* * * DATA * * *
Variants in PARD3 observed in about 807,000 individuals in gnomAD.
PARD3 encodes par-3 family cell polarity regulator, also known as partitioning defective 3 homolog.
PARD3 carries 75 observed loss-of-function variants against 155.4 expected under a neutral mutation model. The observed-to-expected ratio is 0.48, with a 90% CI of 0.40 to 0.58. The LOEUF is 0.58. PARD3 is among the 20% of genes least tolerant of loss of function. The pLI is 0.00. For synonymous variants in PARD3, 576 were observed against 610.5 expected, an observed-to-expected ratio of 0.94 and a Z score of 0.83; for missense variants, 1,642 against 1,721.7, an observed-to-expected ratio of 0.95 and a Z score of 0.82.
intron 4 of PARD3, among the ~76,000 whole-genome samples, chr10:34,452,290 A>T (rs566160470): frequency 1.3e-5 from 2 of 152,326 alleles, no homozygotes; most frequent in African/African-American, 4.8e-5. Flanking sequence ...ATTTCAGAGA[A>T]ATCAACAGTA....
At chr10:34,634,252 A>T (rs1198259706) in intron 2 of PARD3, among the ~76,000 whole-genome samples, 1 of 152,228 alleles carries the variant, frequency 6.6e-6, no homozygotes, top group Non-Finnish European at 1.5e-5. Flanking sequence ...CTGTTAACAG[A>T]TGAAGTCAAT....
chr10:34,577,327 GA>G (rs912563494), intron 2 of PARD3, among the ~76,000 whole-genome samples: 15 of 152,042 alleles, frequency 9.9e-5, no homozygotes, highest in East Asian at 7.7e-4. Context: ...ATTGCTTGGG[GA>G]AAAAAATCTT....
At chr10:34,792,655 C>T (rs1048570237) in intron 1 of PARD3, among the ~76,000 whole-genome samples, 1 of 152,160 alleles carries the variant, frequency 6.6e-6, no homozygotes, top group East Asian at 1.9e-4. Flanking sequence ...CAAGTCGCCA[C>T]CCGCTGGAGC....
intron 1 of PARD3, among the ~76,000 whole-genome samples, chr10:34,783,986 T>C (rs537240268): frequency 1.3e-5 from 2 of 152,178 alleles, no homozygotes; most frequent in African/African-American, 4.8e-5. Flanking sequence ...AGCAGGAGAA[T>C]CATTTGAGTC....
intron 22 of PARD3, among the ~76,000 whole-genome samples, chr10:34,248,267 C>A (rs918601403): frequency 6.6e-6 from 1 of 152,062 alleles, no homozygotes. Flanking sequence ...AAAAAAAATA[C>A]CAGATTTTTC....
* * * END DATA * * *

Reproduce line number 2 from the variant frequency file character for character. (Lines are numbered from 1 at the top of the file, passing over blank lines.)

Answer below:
PARD3 encodes par-3 family cell polarity regulator, also known as partitioning defective 3 homolog.